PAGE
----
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Don't Bargain-Basement Yourself

In today's job market, you might be tempted to offer to work for free or at a reduced salary during a trial period to prove yourself to an employer. Don't do it, says consultant Edward Navis of Full Spectrum HR in Little Falls, N.J. You'll simply devalue yourself and set the company up for a pay discrimination suit, he says.

"From a marketing perspective, people look at free things as having no value," Navis says. "And even if they say yes to reduced pay, they may not see you as worth more at the end of the trial period."

Regardless of the economy, companies have to stick to the standard of equal pay for equal work and equal qualifications. If you're a member of a federally or state-protected class based on your disability, race, religion, gender, etc., and the company lets you work for free, or at a reduced rate, you could later file a pay-discrimination case against the employer.

The same theory applies when companies do layoffs and re-hires. "A recent court decision found in favor of a 60-year-old chief financial officer facing a job loss because of tough financial times," Navis says. "He offered to take a steep pay cut, bringing his salary down to $60,000 annually. His offer was rejected, but he later found out that his replacement, much younger than he, was earning more than that. He filed an age discrimination claim, and things aren't looking too good for the employer right now."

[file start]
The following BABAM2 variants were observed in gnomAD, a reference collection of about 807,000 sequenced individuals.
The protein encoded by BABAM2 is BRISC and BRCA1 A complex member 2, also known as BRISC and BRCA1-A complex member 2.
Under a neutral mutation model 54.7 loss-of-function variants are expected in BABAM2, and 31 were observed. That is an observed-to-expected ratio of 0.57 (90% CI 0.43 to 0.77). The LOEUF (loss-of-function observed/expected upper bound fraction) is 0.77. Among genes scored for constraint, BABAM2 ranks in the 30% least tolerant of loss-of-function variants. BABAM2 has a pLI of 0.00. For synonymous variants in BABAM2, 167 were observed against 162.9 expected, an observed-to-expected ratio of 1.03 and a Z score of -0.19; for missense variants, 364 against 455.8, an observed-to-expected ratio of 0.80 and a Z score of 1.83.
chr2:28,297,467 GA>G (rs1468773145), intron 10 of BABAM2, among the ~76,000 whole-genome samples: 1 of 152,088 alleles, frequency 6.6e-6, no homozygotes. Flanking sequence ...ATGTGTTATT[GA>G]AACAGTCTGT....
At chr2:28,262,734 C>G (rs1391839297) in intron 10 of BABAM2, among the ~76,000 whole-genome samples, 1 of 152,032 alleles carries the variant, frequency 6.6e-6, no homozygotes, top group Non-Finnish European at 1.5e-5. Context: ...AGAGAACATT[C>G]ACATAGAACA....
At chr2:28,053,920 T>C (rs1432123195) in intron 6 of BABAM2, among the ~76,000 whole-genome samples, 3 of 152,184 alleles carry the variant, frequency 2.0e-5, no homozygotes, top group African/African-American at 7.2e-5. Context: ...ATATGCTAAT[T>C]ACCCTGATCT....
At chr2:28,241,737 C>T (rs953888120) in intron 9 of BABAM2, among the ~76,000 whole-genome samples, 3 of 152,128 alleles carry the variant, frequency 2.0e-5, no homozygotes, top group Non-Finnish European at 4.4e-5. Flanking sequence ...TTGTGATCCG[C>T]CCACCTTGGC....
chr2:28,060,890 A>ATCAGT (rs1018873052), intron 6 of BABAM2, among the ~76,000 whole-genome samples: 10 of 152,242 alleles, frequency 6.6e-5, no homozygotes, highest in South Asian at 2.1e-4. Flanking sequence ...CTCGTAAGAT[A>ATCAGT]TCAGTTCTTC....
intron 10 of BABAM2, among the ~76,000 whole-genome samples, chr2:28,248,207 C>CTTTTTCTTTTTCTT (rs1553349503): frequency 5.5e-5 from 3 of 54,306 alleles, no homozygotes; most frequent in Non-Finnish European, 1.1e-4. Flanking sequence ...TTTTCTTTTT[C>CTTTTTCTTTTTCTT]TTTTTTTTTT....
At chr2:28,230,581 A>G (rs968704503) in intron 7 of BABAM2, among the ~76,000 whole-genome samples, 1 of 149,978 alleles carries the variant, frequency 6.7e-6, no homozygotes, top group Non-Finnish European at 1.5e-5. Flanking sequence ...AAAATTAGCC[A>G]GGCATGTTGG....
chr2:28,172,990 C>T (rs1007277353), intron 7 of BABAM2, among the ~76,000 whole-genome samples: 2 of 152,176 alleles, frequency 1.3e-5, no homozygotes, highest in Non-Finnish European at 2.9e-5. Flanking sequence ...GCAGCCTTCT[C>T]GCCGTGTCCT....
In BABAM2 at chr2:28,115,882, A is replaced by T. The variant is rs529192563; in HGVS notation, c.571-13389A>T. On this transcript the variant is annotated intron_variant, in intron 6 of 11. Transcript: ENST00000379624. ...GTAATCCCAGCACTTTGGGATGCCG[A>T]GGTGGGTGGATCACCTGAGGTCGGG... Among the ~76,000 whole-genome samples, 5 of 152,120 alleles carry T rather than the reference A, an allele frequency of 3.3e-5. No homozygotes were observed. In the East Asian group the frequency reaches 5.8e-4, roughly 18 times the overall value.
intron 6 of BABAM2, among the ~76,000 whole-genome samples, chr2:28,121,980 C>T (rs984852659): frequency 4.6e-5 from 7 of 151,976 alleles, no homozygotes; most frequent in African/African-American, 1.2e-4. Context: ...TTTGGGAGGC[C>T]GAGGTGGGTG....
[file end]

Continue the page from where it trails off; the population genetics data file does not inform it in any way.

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AUTHORDona DeZube Insider Comment
  • Ed
    Edward Navis, SPHR
    18 April 2009

    I appreciate your frustration. But please note that there's a difference between pricing yourself reasonably and attractively, and pricing yourself too far below market value. A recent MBA grad might not necessarily command $300k and a golden parachute, but perhaps should not ask for $35k either. Some research in your area as to going rates for those with your qualifications might help. Anyway, hang in there! Your time will come. Panic is the worst enemy of any job search.

  • Di
    Dipes Patel
    17 April 2009

    Easier said than done...How about recent MBA graduates that just accumulated tens of thousands dollars of debt? Can you tell these people not to work for less, especially when most are at fork in their respective career path(s).

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